Elgazette Logo newtrans  The magazine for English language teaching and English medium education

Deserts, Ski Resorts And Oil: A Tefler’s Guide To Kazakhstan

Astana

Olga Kravchenko looks at opportunities for English teachers in the Central Asian nation

Kazakhstan is the largest country in Central Asia and the ninth-largest country in the world, with vast steppes and immense deserts covering two time zones. The hardest part of any teaching assignment in Kazakhstan may actually be getting there. Kazakhstan is isolated geographically. If you’re offered a flight as part of a job package, insist on an international airline or national carrier Air Astana.

According to UK Foreign Office advice, other Kazakh airlines have such dodgy safety records they aren’t even allowed to land in the EU. Travellers living and working in Kazakhstan report a warm and kind-hearted population. Its people tend to be well-read and politically conscious, while the country itself has large oil and gas reserves, which make it the richest country in Central Asia. Currently there is a high demand for EFL teachers in Kazakhstan. The government invests heavily in language schools and courses in an effort to change the local business language from Russian to English.

Schools need teachers year-round, so jobs are available throughout the year. The school year starts in August and goes to the end of May, so hiring is particularly popular in July and August. Many job listings are online, so it’s best to contact schools via email. Jobseekers should consider the Nazarbayev Intellectual Schools (NIS), which have branches in the big cities. These are state funded and very selective schools, aiming to educate the country’s future intellectual elite. Uniquely, the children in Nazarbayev Intellectual Schools (NIS) are educated in a tri-lingual environment – Kazakh, Russian and English. Most NIS schools are for children aged twelve to eighteen.


Named after the president of the country, Nursultan Nazarbayev, the NIS schools aim to change the way education is delivered to talented high school children. Teachers involved in this project are also expected to informally mentor local Kazakh teachers and introduce best practice, especially in critical thinking and co-curricular activities. There are currently no posts for teachers who just have a Tefl qualification, though. NIS requires teachers certified to teach a subject in English medium. Almaty, the largest city in Kazakhstan, is dominated by International House, with other smaller locally run schools. InterPress–International House (Kazakhstan’s IH affiliate) invites applications from native or near native speaker competence with a Celta or equivalent and at least one year’s teaching experience. The school offers nine or twelve months contracts with a salary equivalent to £615–790 monthly. Salaries are usually paid in the national Tenge currency. The benefits include free shared accommodation with the bills paid by the school – which is attractive given the expensive rents. Very expensive accommodation is one of Kazakhstan’s main drawbacks, contributing significantly to the cost of living. Get a job with accommodation or an accommodation allowance if you possibly can!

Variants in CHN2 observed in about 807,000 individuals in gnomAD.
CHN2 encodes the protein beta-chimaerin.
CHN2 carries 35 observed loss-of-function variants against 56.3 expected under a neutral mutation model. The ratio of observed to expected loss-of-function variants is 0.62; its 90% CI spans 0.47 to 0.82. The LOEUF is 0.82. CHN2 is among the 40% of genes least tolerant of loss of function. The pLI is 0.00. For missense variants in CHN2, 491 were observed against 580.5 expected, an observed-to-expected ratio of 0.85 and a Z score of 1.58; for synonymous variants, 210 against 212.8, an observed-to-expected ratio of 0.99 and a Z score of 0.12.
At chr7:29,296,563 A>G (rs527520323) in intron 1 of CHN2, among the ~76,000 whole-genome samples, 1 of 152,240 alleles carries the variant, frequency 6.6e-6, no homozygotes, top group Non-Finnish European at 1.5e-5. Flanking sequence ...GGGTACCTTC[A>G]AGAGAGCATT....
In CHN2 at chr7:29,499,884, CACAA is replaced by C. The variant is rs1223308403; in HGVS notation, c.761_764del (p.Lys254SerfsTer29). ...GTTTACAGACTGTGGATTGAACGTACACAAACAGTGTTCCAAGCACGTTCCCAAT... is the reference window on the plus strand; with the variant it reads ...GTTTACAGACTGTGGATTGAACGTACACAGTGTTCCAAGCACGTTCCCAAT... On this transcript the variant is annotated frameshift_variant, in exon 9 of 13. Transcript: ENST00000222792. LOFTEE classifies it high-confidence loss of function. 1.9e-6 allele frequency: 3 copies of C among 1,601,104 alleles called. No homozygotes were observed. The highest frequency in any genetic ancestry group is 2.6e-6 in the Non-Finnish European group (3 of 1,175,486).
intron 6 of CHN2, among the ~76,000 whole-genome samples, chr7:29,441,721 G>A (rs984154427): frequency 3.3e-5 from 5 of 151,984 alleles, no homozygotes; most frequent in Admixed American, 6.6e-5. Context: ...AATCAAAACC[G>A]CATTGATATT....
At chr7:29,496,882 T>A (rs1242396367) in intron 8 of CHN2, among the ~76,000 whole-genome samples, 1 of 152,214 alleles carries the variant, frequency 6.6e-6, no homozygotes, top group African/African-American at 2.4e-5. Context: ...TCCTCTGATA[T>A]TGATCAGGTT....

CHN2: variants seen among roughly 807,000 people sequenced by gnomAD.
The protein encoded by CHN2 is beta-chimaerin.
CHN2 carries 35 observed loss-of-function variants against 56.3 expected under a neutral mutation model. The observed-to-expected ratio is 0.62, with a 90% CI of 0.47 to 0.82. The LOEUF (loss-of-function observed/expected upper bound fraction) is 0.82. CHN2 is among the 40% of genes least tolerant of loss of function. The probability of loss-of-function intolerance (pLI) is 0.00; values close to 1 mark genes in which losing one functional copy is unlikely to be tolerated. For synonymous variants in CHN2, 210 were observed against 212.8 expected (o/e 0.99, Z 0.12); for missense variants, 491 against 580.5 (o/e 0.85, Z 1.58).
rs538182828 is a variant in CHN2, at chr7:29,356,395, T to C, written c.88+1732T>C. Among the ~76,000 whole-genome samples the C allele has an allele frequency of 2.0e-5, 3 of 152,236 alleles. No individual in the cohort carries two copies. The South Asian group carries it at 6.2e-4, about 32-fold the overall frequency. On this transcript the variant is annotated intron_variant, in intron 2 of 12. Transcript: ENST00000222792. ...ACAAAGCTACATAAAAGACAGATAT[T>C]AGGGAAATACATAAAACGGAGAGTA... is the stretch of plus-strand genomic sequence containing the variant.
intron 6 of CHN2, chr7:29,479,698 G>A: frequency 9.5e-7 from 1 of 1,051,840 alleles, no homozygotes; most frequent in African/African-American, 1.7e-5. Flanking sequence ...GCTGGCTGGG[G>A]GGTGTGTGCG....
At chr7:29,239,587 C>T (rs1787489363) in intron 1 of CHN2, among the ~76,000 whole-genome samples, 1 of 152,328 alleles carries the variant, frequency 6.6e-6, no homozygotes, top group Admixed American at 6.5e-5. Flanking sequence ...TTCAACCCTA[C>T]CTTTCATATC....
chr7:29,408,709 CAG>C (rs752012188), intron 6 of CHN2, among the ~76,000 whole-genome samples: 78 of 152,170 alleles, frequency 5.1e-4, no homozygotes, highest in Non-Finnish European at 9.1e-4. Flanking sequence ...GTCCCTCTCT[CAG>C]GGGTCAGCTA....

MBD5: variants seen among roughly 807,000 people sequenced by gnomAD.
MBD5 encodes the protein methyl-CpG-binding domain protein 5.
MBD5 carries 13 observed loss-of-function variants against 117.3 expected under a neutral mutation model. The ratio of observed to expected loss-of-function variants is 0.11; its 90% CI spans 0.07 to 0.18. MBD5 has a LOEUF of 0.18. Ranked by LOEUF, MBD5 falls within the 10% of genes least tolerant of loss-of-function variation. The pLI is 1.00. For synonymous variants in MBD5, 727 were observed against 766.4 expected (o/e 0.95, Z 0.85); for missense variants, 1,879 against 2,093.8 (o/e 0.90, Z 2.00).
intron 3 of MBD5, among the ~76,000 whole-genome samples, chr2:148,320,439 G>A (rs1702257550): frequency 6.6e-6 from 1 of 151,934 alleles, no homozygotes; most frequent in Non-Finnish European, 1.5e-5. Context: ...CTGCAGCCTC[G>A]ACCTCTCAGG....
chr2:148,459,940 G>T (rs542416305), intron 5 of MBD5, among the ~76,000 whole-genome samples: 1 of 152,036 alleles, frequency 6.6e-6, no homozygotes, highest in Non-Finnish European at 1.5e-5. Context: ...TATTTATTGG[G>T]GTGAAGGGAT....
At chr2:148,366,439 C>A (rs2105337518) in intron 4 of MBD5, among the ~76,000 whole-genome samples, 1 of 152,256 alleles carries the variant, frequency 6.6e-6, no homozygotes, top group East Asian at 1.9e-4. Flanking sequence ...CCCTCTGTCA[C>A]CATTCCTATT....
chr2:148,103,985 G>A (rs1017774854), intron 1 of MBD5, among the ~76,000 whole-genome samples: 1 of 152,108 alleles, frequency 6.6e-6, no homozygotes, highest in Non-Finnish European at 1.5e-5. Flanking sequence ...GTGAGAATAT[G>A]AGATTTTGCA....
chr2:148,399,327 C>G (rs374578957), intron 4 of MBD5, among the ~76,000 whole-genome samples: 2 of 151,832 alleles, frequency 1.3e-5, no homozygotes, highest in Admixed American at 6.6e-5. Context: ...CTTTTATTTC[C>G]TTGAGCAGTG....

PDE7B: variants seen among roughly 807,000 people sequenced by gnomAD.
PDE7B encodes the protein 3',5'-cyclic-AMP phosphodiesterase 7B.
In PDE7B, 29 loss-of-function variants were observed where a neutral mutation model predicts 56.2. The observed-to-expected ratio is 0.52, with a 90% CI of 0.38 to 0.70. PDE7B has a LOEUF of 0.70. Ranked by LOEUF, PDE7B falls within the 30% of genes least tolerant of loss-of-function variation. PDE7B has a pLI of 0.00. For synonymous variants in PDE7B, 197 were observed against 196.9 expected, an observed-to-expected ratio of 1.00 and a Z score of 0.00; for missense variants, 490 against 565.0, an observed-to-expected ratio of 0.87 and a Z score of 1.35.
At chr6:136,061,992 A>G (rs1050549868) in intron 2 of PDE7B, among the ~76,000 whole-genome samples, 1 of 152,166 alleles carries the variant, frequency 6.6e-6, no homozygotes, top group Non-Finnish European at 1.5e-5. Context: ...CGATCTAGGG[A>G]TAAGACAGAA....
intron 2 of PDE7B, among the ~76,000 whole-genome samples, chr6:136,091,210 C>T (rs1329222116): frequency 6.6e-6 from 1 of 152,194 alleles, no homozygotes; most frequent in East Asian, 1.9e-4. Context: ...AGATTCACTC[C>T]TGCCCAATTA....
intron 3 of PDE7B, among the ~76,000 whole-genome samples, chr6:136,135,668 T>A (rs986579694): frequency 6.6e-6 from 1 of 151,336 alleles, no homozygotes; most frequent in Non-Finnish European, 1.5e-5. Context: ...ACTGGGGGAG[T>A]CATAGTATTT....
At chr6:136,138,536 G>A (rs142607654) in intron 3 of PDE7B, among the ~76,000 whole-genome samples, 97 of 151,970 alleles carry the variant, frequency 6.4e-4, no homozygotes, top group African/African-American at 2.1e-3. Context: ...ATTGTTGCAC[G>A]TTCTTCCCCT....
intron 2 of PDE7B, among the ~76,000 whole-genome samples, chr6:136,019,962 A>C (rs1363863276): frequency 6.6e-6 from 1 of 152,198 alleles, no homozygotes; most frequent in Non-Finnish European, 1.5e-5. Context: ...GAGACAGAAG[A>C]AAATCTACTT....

Astana and Almaty are relatively inexpensive if you have local help and advice. Transport in Kazakhstan is cheap. Taxis are widely available. Travelling is safe if not alone – male or female. Kazakhstan doesn’t appear to be a dangerous country, but it is better not to walk out alone after dark. Go in pairs. The high-end international language schools will arrange a one-year multiple entry visa for you – there are strict visa regulations with a lot of red tape. The better-known international chains’ packages usually also include fifteen to twenty days paid holiday and discounted Russian and Kazakh lessons. (Russian is widely spoken, especially in the cities.) Language Link – a chain originating in the UK but now headquartered in Russia – offers similar conditions to the above. However, it employs only native speakers with Tefl qualifications. Astana is the nation’s new capital and provides similar opportunities for EFL teachers, but Almaty is certainly richer in culture and offers a wider range of places to visit. Almaty is also close to several popular ski resorts – the Tien Shan Mountains in particular are worth a visit. Astana, on the other hand, has a reputation as a soulless place. After it became the new capital in 1997, it expanded rapidly, mixing old Soviet-style architecture with futuristic buildings. It’s now best-known for its cold climate rather than its tourist attractions.


According to a Gazette source, the main EFL location is Atyrau, which is the oil city of Kazakhstan. There are many private schools there, including EF. All of them are run by locals with almost no native-speaker teachers, mainly catering for the oil and gas industry. Jobs there seem to be advertised mainly by word of mouth. Atyrau is by far the most expensive city. It also has a higher crime rate, according to our source, due to the presence of so many wealthy expatriates.


Pic courtesy: Ninara